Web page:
More cabins appeared from the mist and I shuddered as we went past. Nik again proposed we sleep there, but next to them, in the tent. He was worried that even if we did get to the forest, there may not be any flat surface to camp on, and this was the flat top part of the hill.

Again, I gave a resolute “no”, and insisted we keep moving. We headed down and I heaved an enormous sigh of relief as we found an actual path and, lo and behold, it featured the Caminos Naturales sign!

Never have I been so happy to see a white dash on top of a yellow dash.

As Nik had predicted, the forest was very sloped with not much room for two people to lie down, but we carried on, determined, and came to the perfect place with running water and a flat spot beneath a tree.

I feel like with wild camping and walking, it is always a bit stressful looking for somewhere to sleep, but you always end up finding the perfect spot and realise it was worth the journey it took to get there.

Nik pitched the tent while I sat on a rock and took some deep breaths, then I got into my sleeping bag and lay down, calming from the realisation that we were safe, grateful to be away from those cabins, and aware that sometimes the shock of a full body experience can be really healing. The whole time we were walking I’d been only aware of putting one front in front of another, no outside thoughts, just wanting to arrive and be safe. And now we were pretty much out of danger (later Nik told me he’d seen a bear print as we came into the forest), I could relax and just enjoy the simple sensation of lying down.

I’m glad Nik didn’t mention the bear print til the next day. Not that I’m super scared of bears, but the idea of big animals being around the tent at night might not be a great one to have when you’re trying to get some much needed sleep. Nik hung the food bag far away that night.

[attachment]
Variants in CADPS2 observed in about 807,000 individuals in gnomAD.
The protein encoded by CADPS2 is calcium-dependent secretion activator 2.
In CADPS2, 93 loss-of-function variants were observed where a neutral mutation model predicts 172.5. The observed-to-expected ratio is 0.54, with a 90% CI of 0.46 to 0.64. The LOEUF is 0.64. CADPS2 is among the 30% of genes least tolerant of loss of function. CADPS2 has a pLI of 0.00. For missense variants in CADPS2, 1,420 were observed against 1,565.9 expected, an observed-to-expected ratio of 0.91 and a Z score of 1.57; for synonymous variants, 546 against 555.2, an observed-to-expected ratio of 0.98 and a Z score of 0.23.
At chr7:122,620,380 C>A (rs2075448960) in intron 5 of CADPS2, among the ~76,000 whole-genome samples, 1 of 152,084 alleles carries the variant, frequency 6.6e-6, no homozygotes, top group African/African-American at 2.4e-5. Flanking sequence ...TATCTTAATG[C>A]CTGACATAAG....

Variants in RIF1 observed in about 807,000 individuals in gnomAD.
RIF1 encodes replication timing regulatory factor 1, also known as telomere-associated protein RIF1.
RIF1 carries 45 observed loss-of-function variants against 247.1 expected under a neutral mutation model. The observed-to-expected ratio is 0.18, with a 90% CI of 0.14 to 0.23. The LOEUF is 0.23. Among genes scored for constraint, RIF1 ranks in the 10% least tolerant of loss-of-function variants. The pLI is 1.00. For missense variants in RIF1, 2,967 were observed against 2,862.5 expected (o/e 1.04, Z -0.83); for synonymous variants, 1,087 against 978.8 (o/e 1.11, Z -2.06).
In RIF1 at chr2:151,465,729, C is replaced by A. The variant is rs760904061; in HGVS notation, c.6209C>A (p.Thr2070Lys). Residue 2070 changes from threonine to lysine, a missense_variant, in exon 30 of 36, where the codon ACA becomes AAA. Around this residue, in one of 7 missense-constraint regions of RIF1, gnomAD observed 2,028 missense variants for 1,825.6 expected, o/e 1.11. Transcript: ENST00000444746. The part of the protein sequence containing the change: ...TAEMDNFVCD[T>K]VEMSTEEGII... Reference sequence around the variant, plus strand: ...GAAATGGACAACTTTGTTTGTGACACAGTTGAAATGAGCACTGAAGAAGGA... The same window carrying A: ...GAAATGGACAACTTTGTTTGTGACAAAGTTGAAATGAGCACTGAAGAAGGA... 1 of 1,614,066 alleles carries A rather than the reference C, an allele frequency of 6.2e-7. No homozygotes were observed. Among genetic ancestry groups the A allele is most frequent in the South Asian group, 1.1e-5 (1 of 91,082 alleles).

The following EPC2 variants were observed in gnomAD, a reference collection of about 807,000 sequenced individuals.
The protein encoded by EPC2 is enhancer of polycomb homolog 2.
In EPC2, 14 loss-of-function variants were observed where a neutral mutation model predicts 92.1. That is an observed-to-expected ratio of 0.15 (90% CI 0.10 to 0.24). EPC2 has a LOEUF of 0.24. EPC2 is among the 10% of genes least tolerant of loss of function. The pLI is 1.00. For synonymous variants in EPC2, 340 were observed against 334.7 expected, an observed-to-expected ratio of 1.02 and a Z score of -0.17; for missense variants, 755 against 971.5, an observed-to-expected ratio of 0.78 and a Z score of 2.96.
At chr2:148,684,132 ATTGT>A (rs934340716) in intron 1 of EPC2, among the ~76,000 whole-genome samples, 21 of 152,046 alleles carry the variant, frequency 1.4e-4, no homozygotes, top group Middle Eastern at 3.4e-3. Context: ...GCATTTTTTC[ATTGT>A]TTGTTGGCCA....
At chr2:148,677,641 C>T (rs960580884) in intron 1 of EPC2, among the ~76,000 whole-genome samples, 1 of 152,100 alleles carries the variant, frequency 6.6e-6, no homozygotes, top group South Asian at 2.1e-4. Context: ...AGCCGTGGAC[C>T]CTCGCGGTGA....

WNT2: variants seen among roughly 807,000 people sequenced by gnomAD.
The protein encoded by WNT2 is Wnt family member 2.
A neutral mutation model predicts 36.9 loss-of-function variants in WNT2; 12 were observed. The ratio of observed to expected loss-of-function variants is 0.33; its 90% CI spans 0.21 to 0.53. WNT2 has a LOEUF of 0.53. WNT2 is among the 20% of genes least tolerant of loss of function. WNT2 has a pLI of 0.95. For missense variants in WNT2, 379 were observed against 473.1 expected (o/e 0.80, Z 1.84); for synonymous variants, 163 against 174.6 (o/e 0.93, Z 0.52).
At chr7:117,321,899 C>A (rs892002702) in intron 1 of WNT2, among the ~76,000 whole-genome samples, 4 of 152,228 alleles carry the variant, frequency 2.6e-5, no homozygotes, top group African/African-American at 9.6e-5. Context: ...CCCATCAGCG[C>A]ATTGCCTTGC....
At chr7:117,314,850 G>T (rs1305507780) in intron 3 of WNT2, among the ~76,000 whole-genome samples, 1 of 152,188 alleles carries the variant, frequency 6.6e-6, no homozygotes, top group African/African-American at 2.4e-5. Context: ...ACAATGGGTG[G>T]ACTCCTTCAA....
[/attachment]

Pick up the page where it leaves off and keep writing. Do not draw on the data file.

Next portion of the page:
We didn’t need dinner as we were both quite absorbed by what had just happened. I lay on a combination of waterproofs and clothes in place of the roll mat, which wasn’t too bad. I woke up once thinking there was a boar next to the tent, but it was just Nik breathing suddenly and moving.

DAY 5.

Having survived the night, and knowing we were now on the official path back to Teverga, I walked easily and happily, out of danger and fantasising about the cafe con leche grande I was going to consume when we got to San Martín.

Nik was the happiest I’ve seen him in a long time. He made us porridge and coffee whilst I was still sleeping, and couldn’t stop smiling as we walked the path looking for bears in the opposite fields.

It must have been our lucky day, as we found some chanterelles at the side of the forest, the perfect amount for lunch.

We had the last of the rye bread with some cheese and garlic chilli-oil fried foraged mushrooms. The dream!

We passed the turn off for Cueva Huerta, saw some European bisons through the fence at the prehistoric park, and stood by while a horse tour clopped up the slippy stony path, feeling grateful for our slower mode of transport.

The road appeared as we reached the end of the Senda del Oso, and we walked triumphantly into San Martín de Teverga, stopping in front of the large sign showing the route. We had come far.

We stopped for coffee, donuts and chips in the nearest café to the bus stop. It was great to eat junk food, but I must admit it didn’t make me feel anywhere near as good as being on the walk itself. There was a drunk man singing in the bar, the TV was on loud and the food was okay. I didn’t have high expectations, it just made me realise how much I’d enjoyed our fresh coffees on the camp stove, white rice and dandelions, huge handfuls of mixed nuts, and seeing green from all directions.